A three-judge panel of the 5th U.S. Circuit Court of Appeals aimed a barrage of skeptical questions Wednesday at groups hoping to keep three Confederate monuments on prominent display in New Orleans.
As is typical, the judges did not issue an immediate ruling, but they seemed mostly unpersuaded by the legal theories offered by four groups trying to block the statues' removal, which is supported by Mayor Mitch Landrieu and was authorized by the City Council on a 6-1 vote late last year.
The judges are expected to decide in the coming weeks whether the monuments must stay in place while the full case plays out in a federal district court.
Led by the Monumental Task Committee, the monument supporters argue that the upkeep their members have done over the years at the statues of Gen. Robert E. Lee, Confederate President Jefferson Davis and Gen. P.G.T. Beauregard gives them an ownership interest in the statues and therefore a say in what happens to them.
The hearing, before Judges Patrick Higginbotham, Jennifer Walker Elrod and Stephen Higginson, involved whether the statues should remain in place while U.S. District Judge Carl Barbier hears the full case on whether the city has the right to take down the three statues.
Franklin Jones, an attorney for the groups seeking to block the removal, said that taking down the statues now could do them permanent damage, and he asked the appeals court to order that they remain in place while the case before Barbier plays out. That process could stretch into next year, he predicted.
"What we're asking this court to do is not decide on the merits but allow us to go to the district court with the status quo maintained," Jones said.
The city argued that the monuments are city property on city land and it has a right to do with them what it chooses.
"This case is ultimately a simple question of whether the city has the power to remove its own property," said Adam Swensek, an attorney for the city.
On the question of whether doing maintenance work on the statues gives the monument supporters some kind of legal ownership, Higginson, who was appointed by President Barack Obama, asked repeatedly if there is any precedent for using the legal doctrine underlying that argument in that manner. The judges seemed unconvinced by Jones' replies.
"You talked about exploring legal theories, but it sounds very much like you don't know one, and I don't hear one," said Higginbotham, an appointee of President Ronald Reagan.
Whether the groups have a potentially winnable case at the district court is a key question for whether the appeals court will order the monuments to stay standing while a trial plays out.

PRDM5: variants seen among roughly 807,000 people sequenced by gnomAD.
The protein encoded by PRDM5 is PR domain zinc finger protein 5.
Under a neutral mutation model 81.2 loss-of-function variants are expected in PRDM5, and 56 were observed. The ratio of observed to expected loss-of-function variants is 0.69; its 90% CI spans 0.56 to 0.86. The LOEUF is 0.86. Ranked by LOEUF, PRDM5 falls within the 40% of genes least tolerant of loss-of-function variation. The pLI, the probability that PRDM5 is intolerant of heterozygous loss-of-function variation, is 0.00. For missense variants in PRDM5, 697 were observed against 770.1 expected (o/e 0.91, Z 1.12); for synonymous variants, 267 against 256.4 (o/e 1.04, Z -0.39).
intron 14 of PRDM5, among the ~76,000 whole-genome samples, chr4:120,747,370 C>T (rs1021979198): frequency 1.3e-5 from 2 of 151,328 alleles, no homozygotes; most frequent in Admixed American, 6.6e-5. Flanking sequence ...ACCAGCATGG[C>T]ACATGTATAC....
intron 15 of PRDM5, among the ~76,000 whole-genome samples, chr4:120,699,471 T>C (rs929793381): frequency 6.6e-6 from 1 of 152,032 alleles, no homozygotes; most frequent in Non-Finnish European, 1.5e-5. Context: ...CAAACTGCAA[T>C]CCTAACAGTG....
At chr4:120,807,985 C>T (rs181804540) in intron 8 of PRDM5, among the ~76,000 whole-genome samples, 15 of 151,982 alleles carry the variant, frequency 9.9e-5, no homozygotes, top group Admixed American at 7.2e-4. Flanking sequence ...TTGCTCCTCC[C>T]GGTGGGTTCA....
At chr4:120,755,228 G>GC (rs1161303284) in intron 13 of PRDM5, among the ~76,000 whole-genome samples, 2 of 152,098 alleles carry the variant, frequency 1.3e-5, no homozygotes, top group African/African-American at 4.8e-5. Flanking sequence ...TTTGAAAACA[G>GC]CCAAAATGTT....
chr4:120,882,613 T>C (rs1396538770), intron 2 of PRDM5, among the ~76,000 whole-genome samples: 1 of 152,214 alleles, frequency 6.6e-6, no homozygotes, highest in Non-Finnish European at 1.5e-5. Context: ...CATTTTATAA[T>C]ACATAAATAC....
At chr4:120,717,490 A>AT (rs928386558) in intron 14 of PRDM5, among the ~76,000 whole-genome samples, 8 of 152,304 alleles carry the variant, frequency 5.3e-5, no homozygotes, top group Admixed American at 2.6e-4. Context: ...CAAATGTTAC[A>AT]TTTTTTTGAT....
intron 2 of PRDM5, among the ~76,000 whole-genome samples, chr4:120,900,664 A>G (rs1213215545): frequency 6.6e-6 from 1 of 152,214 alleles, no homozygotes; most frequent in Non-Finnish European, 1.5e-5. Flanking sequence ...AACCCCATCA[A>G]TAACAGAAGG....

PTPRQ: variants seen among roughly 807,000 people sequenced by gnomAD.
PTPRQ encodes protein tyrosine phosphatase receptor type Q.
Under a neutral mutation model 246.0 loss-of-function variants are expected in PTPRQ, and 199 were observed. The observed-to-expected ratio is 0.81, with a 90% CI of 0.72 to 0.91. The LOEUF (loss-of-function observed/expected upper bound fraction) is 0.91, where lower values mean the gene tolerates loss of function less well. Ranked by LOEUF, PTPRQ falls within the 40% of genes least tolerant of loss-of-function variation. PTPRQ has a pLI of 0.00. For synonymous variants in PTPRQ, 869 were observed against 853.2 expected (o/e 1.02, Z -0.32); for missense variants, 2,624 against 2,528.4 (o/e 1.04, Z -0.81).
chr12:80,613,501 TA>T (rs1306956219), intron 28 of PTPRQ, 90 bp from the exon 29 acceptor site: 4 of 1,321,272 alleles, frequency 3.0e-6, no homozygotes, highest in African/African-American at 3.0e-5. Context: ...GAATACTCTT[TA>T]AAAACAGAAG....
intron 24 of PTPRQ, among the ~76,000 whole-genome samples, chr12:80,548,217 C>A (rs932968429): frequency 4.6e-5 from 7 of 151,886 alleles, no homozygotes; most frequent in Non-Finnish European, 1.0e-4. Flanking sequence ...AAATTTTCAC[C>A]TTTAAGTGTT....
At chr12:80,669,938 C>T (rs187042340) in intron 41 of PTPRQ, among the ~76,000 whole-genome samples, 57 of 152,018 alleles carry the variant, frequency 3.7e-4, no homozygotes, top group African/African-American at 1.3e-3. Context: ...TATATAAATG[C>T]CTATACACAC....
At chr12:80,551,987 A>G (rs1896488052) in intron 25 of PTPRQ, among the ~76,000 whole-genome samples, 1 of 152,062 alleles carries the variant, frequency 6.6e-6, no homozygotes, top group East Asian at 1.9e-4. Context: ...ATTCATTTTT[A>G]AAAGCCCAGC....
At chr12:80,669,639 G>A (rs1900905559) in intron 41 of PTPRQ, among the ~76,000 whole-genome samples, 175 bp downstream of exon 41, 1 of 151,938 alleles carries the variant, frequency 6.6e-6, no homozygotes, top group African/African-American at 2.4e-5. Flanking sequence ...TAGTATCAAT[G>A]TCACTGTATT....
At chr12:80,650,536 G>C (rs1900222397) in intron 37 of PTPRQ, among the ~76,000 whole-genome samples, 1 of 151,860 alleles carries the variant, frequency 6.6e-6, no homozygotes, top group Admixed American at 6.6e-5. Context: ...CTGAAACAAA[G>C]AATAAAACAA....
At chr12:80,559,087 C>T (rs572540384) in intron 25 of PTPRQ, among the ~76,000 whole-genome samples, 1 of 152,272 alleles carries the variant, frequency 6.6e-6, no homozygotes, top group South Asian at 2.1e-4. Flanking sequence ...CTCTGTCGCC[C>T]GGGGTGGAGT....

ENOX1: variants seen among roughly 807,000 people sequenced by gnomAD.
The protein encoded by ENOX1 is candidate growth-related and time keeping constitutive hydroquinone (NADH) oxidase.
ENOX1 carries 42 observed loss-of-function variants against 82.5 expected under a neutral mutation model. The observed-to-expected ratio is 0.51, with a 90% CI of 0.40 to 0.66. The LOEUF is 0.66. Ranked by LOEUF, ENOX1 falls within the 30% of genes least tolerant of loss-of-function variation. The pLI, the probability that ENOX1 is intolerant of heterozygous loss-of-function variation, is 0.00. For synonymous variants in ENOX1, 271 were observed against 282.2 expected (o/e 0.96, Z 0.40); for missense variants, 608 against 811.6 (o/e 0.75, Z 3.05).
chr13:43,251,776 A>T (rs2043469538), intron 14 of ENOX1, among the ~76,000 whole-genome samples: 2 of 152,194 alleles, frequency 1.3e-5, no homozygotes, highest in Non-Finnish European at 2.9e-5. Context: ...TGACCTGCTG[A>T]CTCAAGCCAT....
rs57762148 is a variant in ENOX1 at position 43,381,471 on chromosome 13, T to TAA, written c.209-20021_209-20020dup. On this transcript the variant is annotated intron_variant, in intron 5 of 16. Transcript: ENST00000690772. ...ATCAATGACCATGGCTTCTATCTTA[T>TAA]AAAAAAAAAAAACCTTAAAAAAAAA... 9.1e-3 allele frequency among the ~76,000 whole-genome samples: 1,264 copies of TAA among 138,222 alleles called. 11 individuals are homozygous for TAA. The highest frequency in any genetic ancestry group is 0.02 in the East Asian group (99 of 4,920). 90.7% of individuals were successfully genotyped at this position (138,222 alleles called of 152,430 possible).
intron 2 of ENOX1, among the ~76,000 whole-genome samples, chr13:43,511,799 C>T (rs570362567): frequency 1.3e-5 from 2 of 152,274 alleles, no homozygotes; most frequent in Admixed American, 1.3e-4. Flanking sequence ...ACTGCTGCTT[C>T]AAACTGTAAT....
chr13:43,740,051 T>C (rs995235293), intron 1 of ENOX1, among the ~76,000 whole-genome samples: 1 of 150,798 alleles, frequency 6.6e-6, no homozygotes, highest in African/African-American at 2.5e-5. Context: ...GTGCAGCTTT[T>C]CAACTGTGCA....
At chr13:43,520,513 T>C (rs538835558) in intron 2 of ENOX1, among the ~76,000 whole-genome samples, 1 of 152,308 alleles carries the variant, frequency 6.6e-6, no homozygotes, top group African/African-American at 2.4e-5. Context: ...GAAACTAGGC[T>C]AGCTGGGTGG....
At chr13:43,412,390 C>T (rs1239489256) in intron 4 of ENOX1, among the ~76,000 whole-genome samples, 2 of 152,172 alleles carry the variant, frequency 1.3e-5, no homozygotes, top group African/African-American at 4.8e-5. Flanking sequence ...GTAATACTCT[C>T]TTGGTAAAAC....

Another factor is whether the monuments would be irreparably damaged if they were moved and therefore need to be protected until after the case is over. But the judges spent little time on that issue and seemed to give little credence to the idea that the city would not be able to find a contractor capable of removing the statues safely.
While questioning the city's attorneys, Elrod, an appointee of President George W. Bush, said the court was not looking to decide whether taking down the monuments was the right decision and was not looking to weigh in on the symbolism of the statues themselves or the character of the people they represented.
That position echoed comments made by, Barbier, an appointee of President Bill Clinton, when deciding earlier on a similar issue in district court.
Elrod also raised one additional question: whether the monuments or the land they stand on could belong to an organization other than the city itself.
Jones said that was a legal avenue the groups are exploring, particularly Beauregard Camp No. 130, which he said could make some claim to being the successor to the organization that originally erected the Beauregard statue. But the groups offered no evidence that was the case.
A fourth monument that the city wants to remove, which commemorates the so-called Battle of Liberty Place during Reconstruction, was not part of the hearing because it is protected by a separate federal consent decree.
That decree dates back to a previous attempt to remove the marker during roadwork on Canal Street that involved federal funds.
The city, arguing it has fulfilled the terms of that agreement by putting the marker back on public display on nearby Iberville Street and leaving it there for more than two decades, has asked Barbier to lift that order.
The federal agencies involved in negotiating the consent decree have filed documents with the court saying they have no interest in keeping the decree in force.
Two federal agencies have said they have no reason to try to keep a monument to an 1874 whit…